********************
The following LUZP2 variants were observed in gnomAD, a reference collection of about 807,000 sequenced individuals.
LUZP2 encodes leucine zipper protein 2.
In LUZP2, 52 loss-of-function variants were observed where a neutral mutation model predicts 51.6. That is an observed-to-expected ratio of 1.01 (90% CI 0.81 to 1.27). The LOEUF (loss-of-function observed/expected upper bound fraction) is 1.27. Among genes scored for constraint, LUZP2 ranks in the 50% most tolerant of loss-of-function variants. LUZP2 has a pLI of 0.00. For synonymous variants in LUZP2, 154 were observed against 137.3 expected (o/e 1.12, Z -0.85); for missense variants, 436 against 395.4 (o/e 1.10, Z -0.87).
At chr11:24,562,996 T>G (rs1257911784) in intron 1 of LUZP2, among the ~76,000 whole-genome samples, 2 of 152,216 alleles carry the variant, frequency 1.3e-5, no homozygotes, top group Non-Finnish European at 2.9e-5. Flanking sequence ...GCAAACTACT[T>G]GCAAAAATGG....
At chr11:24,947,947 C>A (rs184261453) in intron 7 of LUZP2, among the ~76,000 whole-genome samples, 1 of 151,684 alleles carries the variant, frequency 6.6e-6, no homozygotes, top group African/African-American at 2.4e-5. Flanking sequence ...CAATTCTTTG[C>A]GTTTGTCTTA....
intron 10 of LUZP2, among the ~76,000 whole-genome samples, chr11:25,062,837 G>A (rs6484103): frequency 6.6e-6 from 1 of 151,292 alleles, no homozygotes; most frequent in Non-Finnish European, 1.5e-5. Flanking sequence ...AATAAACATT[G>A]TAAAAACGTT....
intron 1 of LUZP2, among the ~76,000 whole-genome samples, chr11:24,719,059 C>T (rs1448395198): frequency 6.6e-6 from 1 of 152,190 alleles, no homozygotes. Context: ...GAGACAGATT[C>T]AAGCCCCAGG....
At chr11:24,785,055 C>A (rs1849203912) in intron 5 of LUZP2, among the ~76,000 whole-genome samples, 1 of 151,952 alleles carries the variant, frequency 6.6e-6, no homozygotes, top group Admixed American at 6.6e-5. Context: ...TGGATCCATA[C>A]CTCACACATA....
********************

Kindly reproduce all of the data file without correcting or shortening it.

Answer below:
The following LUZP2 variants were observed in gnomAD, a reference collection of about 807,000 sequenced individuals.
LUZP2 encodes leucine zipper protein 2.
In LUZP2, 52 loss-of-function variants were observed where a neutral mutation model predicts 51.6. That is an observed-to-expected ratio of 1.01 (90% CI 0.81 to 1.27). The LOEUF (loss-of-function observed/expected upper bound fraction) is 1.27. Among genes scored for constraint, LUZP2 ranks in the 50% most tolerant of loss-of-function variants. LUZP2 has a pLI of 0.00. For synonymous variants in LUZP2, 154 were observed against 137.3 expected (o/e 1.12, Z -0.85); for missense variants, 436 against 395.4 (o/e 1.10, Z -0.87).
At chr11:24,562,996 T>G (rs1257911784) in intron 1 of LUZP2, among the ~76,000 whole-genome samples, 2 of 152,216 alleles carry the variant, frequency 1.3e-5, no homozygotes, top group Non-Finnish European at 2.9e-5. Flanking sequence ...GCAAACTACT[T>G]GCAAAAATGG....
At chr11:24,947,947 C>A (rs184261453) in intron 7 of LUZP2, among the ~76,000 whole-genome samples, 1 of 151,684 alleles carries the variant, frequency 6.6e-6, no homozygotes, top group African/African-American at 2.4e-5. Flanking sequence ...CAATTCTTTG[C>A]GTTTGTCTTA....
intron 10 of LUZP2, among the ~76,000 whole-genome samples, chr11:25,062,837 G>A (rs6484103): frequency 6.6e-6 from 1 of 151,292 alleles, no homozygotes; most frequent in Non-Finnish European, 1.5e-5. Flanking sequence ...AATAAACATT[G>A]TAAAAACGTT....
intron 1 of LUZP2, among the ~76,000 whole-genome samples, chr11:24,719,059 C>T (rs1448395198): frequency 6.6e-6 from 1 of 152,190 alleles, no homozygotes. Context: ...GAGACAGATT[C>T]AAGCCCCAGG....
At chr11:24,785,055 C>A (rs1849203912) in intron 5 of LUZP2, among the ~76,000 whole-genome samples, 1 of 151,952 alleles carries the variant, frequency 6.6e-6, no homozygotes, top group Admixed American at 6.6e-5. Context: ...TGGATCCATA[C>A]CTCACACATA....